Facing the Facts

Lesson 4: Topic 10 of 14

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One spring I had to face the fact that my employer did not have that commitment to employees. The owners of a long term care facility which I ran decided to specialize in Traumatic Brain Injury (TBI) care. They brought on board a Medical Director with extensive experience in TBI care and told the marketing team to begin admitting these patients. No other prep work was undertaken. The very first TBI patient who came to the community was placed in the secured Dementia unit. And within minutes of arrival he went berserk. The nurses in the secured unit frantically screamed for help as he rampaged, yelling and smashing everything he could. All the other occupants there were easily twice his age, frail, many of them wanderers. First responders were called but they were several minutes away, so I had no choice but to intervene. My attempts to de-escalate the situation were no use. This was a physically healthy young man, about 100 pounds heavier than I, and a good three inches taller ― he looked like a linebacker ― and he tried to kill me.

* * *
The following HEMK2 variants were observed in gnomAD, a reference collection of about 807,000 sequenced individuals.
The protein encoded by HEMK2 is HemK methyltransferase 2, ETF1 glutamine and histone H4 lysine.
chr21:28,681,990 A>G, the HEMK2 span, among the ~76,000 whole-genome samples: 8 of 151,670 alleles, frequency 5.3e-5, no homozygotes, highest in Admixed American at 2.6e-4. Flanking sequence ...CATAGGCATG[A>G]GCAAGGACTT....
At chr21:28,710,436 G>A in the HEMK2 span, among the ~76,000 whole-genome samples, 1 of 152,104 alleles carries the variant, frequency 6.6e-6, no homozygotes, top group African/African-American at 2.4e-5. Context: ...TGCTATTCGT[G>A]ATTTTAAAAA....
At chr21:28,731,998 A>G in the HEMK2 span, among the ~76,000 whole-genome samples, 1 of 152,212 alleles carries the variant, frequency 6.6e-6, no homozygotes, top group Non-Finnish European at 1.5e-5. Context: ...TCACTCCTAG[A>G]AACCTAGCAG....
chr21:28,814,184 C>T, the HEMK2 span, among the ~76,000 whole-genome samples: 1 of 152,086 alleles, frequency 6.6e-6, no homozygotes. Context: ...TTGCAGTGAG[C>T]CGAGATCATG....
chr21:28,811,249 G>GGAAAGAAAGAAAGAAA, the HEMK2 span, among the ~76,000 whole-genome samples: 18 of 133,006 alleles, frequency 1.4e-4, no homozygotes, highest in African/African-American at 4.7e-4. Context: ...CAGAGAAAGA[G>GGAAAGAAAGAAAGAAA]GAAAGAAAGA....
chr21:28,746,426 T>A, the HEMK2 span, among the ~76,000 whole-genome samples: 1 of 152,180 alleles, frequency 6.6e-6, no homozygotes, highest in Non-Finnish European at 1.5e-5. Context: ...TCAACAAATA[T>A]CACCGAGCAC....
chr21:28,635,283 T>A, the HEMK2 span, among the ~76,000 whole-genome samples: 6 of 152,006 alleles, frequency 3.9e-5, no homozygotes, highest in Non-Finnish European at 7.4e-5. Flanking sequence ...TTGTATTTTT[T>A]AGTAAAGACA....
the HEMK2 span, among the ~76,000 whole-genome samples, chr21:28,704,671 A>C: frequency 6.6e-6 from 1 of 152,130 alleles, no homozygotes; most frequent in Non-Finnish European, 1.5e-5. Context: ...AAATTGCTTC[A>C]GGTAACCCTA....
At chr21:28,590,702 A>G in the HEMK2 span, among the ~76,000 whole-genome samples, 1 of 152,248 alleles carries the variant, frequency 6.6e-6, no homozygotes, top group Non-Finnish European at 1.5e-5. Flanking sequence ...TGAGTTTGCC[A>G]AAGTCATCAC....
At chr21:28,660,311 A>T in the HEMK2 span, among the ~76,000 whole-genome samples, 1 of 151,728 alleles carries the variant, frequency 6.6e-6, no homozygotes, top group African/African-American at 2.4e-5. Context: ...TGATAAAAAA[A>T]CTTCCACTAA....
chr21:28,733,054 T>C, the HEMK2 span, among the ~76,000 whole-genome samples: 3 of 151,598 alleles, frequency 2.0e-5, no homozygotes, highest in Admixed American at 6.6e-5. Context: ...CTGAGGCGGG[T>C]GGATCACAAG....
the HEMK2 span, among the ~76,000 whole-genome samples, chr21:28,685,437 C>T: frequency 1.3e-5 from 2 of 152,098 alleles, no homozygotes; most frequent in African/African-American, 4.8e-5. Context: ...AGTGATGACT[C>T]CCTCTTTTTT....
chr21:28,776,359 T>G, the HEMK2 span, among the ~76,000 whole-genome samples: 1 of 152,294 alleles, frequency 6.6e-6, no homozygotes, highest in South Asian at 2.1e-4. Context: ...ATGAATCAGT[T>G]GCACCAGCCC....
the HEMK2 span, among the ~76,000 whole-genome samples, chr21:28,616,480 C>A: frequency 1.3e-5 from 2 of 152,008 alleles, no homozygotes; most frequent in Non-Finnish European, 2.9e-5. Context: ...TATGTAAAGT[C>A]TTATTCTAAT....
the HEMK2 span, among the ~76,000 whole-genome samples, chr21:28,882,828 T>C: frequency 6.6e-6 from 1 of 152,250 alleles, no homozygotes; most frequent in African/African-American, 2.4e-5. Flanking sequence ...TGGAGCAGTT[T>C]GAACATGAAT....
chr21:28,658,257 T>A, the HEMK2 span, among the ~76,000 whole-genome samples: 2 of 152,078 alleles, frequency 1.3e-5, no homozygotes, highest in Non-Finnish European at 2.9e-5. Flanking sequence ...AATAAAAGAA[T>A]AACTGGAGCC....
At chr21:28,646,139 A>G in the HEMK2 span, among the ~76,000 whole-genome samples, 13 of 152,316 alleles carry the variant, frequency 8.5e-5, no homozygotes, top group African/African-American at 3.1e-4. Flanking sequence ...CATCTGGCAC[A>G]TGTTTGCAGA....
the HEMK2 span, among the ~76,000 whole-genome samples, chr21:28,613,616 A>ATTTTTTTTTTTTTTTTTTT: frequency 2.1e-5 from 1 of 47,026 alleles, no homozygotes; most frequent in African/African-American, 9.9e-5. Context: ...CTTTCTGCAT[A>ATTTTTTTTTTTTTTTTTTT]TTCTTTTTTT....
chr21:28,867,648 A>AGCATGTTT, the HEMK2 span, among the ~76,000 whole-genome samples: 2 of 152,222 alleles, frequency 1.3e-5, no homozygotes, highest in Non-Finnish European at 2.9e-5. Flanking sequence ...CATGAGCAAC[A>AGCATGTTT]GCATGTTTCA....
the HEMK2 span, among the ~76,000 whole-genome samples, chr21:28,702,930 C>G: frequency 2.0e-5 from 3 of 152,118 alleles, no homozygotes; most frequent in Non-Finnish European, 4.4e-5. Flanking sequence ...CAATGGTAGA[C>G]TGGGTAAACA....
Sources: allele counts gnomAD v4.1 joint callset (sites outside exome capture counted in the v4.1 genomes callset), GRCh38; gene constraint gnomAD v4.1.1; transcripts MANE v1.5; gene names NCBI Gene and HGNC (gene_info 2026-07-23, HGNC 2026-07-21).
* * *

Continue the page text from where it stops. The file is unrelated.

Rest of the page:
He and I both wound up in the hospital. After returning to work a few days later, I began rejecting all TBI patients the marketers sent my way. The owners told me I couldn’t do that; I responded by telling them the staff were terrified, some had already quit and others were threatening to do so. They agreed to come personally and reassure the staff. They told everyone that what had happened to me was “a once in a career, once in a lifetime event.” They promised it would never happen again. But precisely four weeks later the same thing occurred between another patient and another employee. Since I could neither protect my staff nor myself, and could not trust my employers to do so, I felt I had no choice but to quit. 

The point of relating this illustration is to reiterate that combating workplace violence is a team effort. Everyone ― from the owners to the leaders to the front line staff ― has to be involved. A halfhearted effort or token response will wind up costing more than anyone would want to pay. If your efforts to convince the people who work for you and the people you work for to address this issue, but they won’t, you may have no choice but to leave. 

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On a more positive note, by practicing engaging staff proactively, working with them collaboratively, affirming them as individuals, and monitoring for potential troublesome issues, you just might prevent these kinds of problems from ever occurring.